Lead the change 4


4 ways to avoid unconscious bias and situational blindness

By Dan Gregory and Kieran Flanagan | Jan 28, 2018 | 0 Comments


Most of what we believe, even with conviction and assuredness, may possibly be completely mistaken or, at least, fundamentally flawed. 

Now, that is quite a statement, but it bears thinking about and indeed reviewing with the cold and emotionless detachment of an independently appointed statistician.

This can be a particularly important consideration; partly because such blindness can have a catastrophic effect on our businesses, our personal lives, in our communities and in our relationships:

• Situational (or contextual) blindness can rob us of opportunities and possibilities to innovate, to grow, to connect and to build and expand

• Unconscious bias can build unnecessary walls and frictions within our relationships and communications with our team, our customers or clients and within our communities and partnerships

• Ingrained prejudices expose us to risks, both reputational and financial, and can cloud our judgment and set our processes up for failure 

• And narrow mindedness, an intolerance of dissent or even a resistance to respectful questioning, can cost us dearly in economic terms as well as in our own performance and team engagement.

The other way these biases might be detrimental, is that, by definition, we are unconscious and perhaps even resistant in our relationship to them. And where there is a lack of awareness, by omission or design, there is risk.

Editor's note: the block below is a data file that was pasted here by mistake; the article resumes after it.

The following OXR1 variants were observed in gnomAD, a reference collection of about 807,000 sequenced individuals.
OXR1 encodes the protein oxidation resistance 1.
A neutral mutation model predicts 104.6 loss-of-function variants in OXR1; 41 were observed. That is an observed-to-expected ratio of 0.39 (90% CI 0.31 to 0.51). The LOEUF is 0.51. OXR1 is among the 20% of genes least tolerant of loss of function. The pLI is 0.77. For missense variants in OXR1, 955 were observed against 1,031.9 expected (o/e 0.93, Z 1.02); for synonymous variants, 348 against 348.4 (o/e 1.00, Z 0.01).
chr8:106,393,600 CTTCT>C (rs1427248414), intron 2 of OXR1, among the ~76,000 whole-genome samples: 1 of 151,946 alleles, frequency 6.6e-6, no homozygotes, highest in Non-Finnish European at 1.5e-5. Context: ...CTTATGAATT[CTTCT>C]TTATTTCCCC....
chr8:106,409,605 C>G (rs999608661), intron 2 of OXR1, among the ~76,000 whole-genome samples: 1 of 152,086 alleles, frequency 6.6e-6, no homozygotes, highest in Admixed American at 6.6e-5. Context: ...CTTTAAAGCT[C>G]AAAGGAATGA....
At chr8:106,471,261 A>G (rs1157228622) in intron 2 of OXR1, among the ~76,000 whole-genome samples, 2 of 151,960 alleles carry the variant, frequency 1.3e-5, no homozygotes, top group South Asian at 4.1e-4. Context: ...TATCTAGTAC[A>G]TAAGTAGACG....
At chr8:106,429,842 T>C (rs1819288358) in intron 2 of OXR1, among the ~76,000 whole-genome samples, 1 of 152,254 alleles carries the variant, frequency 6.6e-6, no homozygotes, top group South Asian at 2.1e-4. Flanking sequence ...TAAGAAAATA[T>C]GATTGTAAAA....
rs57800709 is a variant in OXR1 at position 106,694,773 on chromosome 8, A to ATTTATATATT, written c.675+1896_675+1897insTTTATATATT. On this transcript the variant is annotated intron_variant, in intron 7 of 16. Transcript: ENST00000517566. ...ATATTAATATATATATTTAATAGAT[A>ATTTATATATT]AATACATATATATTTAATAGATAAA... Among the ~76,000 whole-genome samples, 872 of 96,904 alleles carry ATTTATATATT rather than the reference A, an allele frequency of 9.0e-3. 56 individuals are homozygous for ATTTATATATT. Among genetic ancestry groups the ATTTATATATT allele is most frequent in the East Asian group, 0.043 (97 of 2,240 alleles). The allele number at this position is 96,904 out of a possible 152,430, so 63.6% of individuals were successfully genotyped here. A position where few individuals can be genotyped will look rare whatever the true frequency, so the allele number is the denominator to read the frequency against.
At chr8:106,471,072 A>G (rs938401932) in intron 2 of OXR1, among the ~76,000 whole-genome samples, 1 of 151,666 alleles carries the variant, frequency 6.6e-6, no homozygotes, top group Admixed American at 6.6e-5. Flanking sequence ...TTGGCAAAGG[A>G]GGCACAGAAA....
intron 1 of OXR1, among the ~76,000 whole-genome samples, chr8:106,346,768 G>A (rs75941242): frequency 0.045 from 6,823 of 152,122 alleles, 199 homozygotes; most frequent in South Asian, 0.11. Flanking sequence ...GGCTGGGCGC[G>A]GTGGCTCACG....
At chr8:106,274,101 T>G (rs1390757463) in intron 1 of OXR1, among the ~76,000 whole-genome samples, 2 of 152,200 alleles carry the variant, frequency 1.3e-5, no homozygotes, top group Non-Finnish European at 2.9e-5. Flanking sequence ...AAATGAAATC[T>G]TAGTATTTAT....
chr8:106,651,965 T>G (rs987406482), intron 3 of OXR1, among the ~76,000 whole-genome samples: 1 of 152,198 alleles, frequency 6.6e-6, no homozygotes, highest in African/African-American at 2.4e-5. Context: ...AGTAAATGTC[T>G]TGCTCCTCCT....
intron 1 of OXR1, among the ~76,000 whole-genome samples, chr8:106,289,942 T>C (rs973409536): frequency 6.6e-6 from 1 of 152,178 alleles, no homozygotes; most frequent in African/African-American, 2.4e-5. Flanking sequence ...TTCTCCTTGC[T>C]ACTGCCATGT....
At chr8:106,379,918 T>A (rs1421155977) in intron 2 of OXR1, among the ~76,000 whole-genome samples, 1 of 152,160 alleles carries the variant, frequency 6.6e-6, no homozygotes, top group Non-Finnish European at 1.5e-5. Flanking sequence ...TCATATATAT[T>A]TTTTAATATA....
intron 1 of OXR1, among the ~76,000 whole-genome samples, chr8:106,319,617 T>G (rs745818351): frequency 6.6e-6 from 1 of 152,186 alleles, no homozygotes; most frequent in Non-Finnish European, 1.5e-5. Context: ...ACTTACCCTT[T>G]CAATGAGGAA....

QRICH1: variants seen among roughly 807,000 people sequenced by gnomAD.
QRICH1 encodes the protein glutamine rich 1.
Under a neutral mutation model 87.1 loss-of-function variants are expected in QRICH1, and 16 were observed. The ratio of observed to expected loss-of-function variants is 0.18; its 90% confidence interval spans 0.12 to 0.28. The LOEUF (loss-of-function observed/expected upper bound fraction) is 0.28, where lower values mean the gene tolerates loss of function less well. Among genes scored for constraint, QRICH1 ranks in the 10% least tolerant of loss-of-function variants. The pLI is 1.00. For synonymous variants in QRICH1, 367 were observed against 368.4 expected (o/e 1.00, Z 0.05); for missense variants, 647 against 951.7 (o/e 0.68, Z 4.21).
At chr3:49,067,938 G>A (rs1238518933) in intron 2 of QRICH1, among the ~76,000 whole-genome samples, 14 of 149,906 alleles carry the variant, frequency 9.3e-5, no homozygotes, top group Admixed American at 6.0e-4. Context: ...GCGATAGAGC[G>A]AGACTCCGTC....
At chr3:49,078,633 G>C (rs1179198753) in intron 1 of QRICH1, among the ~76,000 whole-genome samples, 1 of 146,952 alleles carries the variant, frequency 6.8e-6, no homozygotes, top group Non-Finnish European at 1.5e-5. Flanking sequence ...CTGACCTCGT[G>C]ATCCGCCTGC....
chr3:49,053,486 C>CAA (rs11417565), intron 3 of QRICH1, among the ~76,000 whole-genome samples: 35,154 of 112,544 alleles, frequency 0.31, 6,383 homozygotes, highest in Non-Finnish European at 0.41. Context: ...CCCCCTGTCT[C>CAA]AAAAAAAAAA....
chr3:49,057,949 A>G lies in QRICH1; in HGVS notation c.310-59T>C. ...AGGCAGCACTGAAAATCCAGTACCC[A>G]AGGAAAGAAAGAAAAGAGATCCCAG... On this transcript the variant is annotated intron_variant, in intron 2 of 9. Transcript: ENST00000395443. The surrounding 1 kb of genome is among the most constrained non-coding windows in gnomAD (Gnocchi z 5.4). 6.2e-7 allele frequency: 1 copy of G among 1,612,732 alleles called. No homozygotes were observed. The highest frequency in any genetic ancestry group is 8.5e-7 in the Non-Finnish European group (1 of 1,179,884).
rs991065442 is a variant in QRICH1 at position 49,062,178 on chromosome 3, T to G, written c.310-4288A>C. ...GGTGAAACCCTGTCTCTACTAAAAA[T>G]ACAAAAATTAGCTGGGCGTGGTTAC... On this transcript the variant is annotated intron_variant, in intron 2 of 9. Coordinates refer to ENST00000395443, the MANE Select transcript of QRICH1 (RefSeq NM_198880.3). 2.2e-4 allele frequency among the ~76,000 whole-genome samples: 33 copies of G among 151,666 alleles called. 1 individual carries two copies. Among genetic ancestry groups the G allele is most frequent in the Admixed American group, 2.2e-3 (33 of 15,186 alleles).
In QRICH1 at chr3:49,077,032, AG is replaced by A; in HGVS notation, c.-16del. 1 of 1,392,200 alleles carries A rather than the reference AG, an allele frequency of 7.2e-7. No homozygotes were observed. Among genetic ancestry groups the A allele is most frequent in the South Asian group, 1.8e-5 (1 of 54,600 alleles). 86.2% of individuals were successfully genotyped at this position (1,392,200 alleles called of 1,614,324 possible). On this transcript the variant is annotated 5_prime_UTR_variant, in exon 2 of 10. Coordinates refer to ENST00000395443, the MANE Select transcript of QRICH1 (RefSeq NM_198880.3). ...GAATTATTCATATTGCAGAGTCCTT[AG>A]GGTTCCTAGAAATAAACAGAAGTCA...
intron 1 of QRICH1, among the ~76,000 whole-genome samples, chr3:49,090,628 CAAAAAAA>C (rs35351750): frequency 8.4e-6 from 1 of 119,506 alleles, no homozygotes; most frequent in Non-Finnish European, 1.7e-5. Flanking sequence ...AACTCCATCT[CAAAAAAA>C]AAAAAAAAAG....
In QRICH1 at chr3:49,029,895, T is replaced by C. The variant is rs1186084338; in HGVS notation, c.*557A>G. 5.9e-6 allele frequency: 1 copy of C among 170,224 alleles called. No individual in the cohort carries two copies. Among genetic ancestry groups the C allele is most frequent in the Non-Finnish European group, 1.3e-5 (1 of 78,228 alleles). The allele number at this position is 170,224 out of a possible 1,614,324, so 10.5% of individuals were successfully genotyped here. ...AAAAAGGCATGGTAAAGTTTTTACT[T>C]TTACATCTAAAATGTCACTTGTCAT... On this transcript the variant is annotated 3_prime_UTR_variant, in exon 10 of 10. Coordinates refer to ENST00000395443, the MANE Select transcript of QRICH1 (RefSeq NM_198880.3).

Consider what most of us tend to think of as our most important beliefs – our moral code or religious values.

Now this is not to question your personal beliefs, nor is it an argument for or against any particular religious or non-religious doctrine. So please relax, this post is not written to decry beliefs but rather to broaden situational awareness and in doing so, aid you in amplifying your influence and alertness.

So for now, let’s look at belief more broadly as a concept:

Firstly, no matter what your religious belief (which, again, is entirely your business), you will fall into a demographic statistic – a proportion of the human population.

For instance, roughly one third of the world’s population identifies as Christian, about another third call themselves Muslim and the rest of the religious population, plus those who are atheist or agnostic, make up the final third.

Additionally, all of these belief systems are essentially mutually exclusive – in other words, you can’t be both Muslim and Buddhist or Christian and atheist for example.

What this means is, regardless of what you believe, in terms of statistical probability, there is an approximately 65-67% chance (now brace yourself)… that you are wrong. That all or any of us are wrong!

(Again, I’m not suggesting that you definitely are wrong, I’m simply doing the math… so deep breaths everyone.)

Simply put, this raw data, and the resulting statistical spread, necessarily point to the fact that, according to impartial probability, you, and indeed all of us, are highly likely to be incorrect. (Remember, not saying you are… just probably… OK. I think we got away with that…phew!)

Now, all of the above assumes that each of these groups is homogenous within itself – that one portion of the world’s Christians and Muslims (or the other less populous religions) do not fundamentally believe that the other denominations within their own number are in fact heretics who have misinterpreted the word of their god or gods. Of course, this is an erroneous assumption.